Mortgage for Older Borrowers

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Mortgage for Older Borrowers

Mortgage for Older Borrowers

Lauren Tebb explains how the mortgage process works for older borrowers.

What are the mortgage options available for older borrowers in the UK?

There are a couple of options – there are mortgages designed specifically for older borrowers and there are also retirement interest only mortgages, which are slightly different.

How does age affect the mortgage approval process for older borrowers?

With older borrower ranges and retirement interest only deals there is a minimum age at application, which is usually 55. The mortgage term is usually shorter as it will be restricted by a maximum age at the end of the term. Lenders will specify the length of term you can have based on your age at application.

A retirement interest only mortgage is different as there is no age cap for the end of the mortgage term and it will continue to run until the property is sold, the borrowers move into a care home or both borrowers pass away.

What are the eligibility criteria for obtaining a mortgage as an older borrower?

There’s a minimum age, which is usually 55, and for older borrower mortgages there is a maximum age that is determined by the lender.

Each lender will specify what income they can use to determine affordability. As these mortgages will most likely take applicants passed retirement age, lenders will likely assess the affordability on retirement income only, and possibly not earned income in the same way as with a standard mortgage.
Are there any specific mortgage products tailored to meet the needs of older borrowers?
Yes, there are specific ranges with certain lenders that are designed for older borrowers and if you are under 55 you aren’t eligible for those rates and products.

What is the maximum age limit for mortgage applications in the UK?

If we’re looking at a retirement interest only mortgage, there is no age limit. With mortgages for older borrowers, there is a certain cut off point, which is different from lender to lender.

Some lenders will go up to age 70 or even 80, while others will be a little bit lower than that. The best thing to do is see which options are better for you based on your age and circumstances.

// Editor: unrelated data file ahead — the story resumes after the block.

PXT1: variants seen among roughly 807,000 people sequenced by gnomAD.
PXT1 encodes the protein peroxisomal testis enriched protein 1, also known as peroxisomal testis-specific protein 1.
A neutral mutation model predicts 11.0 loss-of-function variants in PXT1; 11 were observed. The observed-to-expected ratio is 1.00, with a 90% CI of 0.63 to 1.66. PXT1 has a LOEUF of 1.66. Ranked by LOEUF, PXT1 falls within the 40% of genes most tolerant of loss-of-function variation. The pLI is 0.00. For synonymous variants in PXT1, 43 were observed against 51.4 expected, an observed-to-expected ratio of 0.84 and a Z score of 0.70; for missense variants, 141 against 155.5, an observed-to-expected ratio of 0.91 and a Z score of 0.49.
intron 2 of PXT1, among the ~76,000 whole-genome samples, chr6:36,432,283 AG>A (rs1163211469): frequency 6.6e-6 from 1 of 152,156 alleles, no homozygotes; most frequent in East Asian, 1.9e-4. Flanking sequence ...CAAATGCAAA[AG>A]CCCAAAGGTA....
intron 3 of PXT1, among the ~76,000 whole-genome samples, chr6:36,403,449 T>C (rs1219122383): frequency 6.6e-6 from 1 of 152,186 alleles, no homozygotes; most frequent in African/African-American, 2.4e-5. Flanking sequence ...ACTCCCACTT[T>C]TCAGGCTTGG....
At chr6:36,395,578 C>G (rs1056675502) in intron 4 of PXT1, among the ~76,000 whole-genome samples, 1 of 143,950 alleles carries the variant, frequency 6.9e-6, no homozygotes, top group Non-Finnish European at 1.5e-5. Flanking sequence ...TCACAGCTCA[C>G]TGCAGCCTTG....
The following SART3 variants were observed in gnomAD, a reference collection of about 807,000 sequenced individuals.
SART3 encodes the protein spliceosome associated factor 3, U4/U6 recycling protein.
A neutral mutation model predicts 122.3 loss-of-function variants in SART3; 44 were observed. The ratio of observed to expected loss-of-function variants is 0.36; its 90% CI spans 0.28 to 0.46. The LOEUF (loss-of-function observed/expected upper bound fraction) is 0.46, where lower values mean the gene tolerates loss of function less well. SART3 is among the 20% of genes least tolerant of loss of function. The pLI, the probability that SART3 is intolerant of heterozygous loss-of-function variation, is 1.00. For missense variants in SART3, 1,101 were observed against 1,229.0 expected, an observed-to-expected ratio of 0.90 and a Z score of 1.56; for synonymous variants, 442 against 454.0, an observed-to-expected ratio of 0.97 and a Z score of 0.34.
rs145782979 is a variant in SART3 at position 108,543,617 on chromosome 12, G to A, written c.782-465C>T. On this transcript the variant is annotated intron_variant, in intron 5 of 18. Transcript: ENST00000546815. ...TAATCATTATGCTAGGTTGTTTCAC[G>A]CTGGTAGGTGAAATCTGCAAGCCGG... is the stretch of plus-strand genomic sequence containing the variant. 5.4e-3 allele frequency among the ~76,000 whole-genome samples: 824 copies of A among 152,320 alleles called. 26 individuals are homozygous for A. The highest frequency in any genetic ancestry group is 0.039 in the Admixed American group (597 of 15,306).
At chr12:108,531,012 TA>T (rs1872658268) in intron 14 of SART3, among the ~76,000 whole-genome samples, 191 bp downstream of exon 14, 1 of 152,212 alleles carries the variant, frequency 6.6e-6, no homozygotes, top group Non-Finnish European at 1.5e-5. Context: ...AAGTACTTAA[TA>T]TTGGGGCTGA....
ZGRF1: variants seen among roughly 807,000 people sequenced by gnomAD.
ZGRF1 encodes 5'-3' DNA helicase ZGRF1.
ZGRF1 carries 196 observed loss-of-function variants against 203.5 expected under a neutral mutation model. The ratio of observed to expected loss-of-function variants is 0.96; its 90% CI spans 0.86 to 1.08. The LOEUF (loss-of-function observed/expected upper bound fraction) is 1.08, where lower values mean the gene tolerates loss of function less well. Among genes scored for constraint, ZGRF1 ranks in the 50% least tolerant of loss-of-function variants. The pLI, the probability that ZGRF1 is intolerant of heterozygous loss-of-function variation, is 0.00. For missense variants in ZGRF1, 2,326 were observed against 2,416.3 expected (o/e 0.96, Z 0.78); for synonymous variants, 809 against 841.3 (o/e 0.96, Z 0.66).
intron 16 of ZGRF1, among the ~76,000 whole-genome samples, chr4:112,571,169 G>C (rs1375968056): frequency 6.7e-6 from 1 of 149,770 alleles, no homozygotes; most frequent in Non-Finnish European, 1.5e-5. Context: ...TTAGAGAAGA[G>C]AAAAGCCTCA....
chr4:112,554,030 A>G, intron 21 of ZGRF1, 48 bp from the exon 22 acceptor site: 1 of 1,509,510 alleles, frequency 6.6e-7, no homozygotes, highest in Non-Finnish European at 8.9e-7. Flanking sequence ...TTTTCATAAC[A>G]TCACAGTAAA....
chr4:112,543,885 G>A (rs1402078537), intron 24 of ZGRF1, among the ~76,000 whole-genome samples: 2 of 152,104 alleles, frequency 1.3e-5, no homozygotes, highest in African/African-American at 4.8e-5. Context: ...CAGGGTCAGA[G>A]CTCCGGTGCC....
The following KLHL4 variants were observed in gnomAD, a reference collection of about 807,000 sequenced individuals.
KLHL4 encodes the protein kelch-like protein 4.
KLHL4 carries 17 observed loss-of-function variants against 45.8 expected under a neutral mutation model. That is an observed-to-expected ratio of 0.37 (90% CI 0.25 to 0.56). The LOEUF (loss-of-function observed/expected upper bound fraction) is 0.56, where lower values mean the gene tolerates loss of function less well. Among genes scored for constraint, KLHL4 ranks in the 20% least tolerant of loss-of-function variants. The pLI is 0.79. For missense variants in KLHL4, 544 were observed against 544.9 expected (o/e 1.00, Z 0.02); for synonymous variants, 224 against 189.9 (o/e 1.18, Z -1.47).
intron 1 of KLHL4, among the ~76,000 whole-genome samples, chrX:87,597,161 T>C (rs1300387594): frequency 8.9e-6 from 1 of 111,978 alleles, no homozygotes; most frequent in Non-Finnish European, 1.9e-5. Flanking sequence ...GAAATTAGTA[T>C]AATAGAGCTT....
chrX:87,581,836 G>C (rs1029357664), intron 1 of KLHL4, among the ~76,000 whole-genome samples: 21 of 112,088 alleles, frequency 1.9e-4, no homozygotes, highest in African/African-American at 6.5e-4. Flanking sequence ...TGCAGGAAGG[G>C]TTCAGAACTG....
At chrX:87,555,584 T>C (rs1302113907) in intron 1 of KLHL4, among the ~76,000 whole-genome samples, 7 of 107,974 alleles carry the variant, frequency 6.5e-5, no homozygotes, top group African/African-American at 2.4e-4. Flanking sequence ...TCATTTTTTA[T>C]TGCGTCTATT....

Are there any additional mortgage requirements or criteria for older borrowers?

The main thing is assessment of income, there is going to be a focus on income which is not ‘earned’ such as pension, investment or rental income because the mortgage term is likely to take you past retirement age and needs to remain affordable.

Also, there generally tends to be a restriction on Loan to Value on older borrower or retirement interest only products – if you’re buying, you might need a higher deposit or more equity in your property if you are remortgaging, to be eligible for those products.

How does the lender assess the affordability of a mortgage for older borrowers?

A retirement interest only mortgage is a bit different in terms of affordability. With a standard mortgage, if you’re a couple the affordability is assessed on both of your incomes. However, with retirement interest only mortgages the lender will assess the maximum loan based on each applicant’s individual income. The mortgage lender needs to make sure that both borrowers can separately afford the monthly repayments.

In addition, if you’re looking at an older borrower mortgage, the monthly repayments are potentially going to be higher due to the restricted loan term, and this might restrict the loan amount you can borrow.

What are the key differences between traditional mortgages and mortgages for older borrowers?

The biggest difference is the age you can go up to, plus the minimum age at application and the income they’re going to use. These mortgages are predominantly going to focus on your retirement income, whereas with a standard mortgage, lenders look at using earned income up to age 70. Once you hit age 70, lenders will want to know if you can still afford the monthly payments, therefore they will need to see what income you will have passed this age.

Can older borrowers still get a mortgage if they are retired?

Yes – as the name suggests, retirement interest only mortgages are designed specifically for those that are retired already, these are based solely on your retirement income.